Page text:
Conference on Econometrics and Mathematical Economics

Conference on Econometrics and Mathematical Economics (CEME)

Since 1970, the Conference on Econometrics and Mathematical Economics (CEME) has received support from the National Science Foundation to hold a series of meetings on research issues in economic theory and methodology. Currently, CEME is supported by NSF grant SES-1757139 to the National Bureau of Economic Research, under Principal Investigators Edward Vytlacil (Yale University) and Chris Shannon (University of California, Berkeley).

There are eight active seminars (five in econometrics, three in mathematical economics). Each seminar holds one meeting per calendar year, in rotating venues.


Seminars on Bayesian Inference in Econometrics and Statistics (SBIES)
Leader: Siddhartha Chib (Washington University, St. Louis)

Forecasting & Empirical Methods in Macroeconomics & Finance
Leaders: Allan Timmermann (University of California, San Diego) and Jonathan Wright (John Hopkins University)

Microeconometrics Conferences
Leaders: Ivan A. Canay (Northwestern University) and Azeem M. Shaikh (University of Chicago)

Time Series Conferences
Leader: Serena Ng (Columbia University)

Young Econometricians Conferences
Leaders: Federico Bugni (Duke University) and Andres Santos (University of California, Los Angeles)


Decentralization Conferences
Leader: Scott Page (University of Michigan)

General Equilibrium and Mathematical Economics
Leader: Chris Shannon (University of California, Berkeley)

Young Theorists Conferences
Leader: Chris Shannon (University of California, Berkeley)

Since November 1970, sixteen different seminar groups have been formed (eight are active currently). In over four decades of operation, CEME has been successful in promoting communication between scholars in academics, business, and government, as well as students, in a series of ongoing seminars on particular topics in economics.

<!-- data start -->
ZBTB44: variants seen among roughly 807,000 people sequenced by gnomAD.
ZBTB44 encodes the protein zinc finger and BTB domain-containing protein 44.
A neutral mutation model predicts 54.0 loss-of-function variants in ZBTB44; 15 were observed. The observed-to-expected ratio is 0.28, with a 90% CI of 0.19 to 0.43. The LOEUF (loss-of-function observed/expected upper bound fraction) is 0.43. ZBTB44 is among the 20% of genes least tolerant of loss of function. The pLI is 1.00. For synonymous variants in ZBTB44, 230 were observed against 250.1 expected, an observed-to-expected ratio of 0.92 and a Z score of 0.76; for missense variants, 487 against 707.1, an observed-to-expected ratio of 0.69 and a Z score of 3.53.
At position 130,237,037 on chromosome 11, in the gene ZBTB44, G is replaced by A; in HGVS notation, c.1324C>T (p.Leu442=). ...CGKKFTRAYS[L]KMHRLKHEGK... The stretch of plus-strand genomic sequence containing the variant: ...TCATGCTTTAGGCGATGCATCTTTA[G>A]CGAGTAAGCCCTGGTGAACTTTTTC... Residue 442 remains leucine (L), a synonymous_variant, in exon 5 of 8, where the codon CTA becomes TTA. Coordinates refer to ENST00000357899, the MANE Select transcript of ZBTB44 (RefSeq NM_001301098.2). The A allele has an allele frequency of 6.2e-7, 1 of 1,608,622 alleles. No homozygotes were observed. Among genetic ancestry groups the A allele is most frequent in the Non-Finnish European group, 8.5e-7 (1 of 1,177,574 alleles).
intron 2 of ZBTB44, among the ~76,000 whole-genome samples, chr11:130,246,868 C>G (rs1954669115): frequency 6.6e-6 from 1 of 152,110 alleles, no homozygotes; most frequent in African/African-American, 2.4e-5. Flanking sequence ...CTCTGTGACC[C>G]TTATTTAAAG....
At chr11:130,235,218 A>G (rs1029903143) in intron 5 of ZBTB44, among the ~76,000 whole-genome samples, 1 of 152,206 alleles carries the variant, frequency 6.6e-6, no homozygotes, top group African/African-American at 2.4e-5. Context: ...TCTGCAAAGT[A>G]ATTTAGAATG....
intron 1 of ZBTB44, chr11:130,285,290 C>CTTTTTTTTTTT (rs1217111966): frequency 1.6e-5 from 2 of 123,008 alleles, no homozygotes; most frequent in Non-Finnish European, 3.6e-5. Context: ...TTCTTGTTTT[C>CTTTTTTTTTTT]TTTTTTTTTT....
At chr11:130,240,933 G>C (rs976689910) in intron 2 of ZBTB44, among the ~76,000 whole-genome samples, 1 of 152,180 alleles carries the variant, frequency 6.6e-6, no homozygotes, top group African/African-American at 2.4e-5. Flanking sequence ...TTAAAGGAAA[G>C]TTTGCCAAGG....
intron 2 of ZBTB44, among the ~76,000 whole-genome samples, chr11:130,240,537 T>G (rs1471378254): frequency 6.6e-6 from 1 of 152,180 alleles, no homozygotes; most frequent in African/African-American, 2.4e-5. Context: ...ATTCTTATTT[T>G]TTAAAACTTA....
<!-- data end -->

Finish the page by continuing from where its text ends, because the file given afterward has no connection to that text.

CEME's purpose is to stimulate discussion and research on the frontiers of econometric and economic theory, and to investigate the application of mathematical, statistical, and computational techniques to empirical economics studies. It is intended to both encourage research on new topics and speed the dissemination of the latest findings by leading scholars. To this end, these meetings have been exceptionally successful, providing forums for the exchange of ideas in economic theory and methods that are not constrained by the more formal frameworks of journal publication. The channels of communication are informal and regular, allowing specialists in selected topic areas to meet regularly, at widely dispersed institutions and for longer periods than is generally possible at meetings of professional societies. Priority is often given to the presentation of work by younger scholars, who have fewer opportunities to speak to larger audiences at meetings of professional societies.

Since CEME's inception, seminar groups have produced hundreds of working papers, books, and articles in professional journals, which have been broadly circulated, making the contents of the seminars more broadly available. In addition, over the last few years all seminars have set up web sites that contain programs and links to papers. A number of collections of papers presented at CEME meetings have been published in special issues of professional journals, including the American Economic Review, Bell Journal of Economics, International Economic Review, Journal of Applied Econometrics, Journal of Political Economy, and the Review of Economic Studies. Over the years, the various seminars have published several volumes of collected papers; royalties from some of those volumes (on Bayesian techniques and applications) have been used to create the Savage Memorial Trust Fund, which provides annual awards for the best doctoral dissertation using Bayesian methods.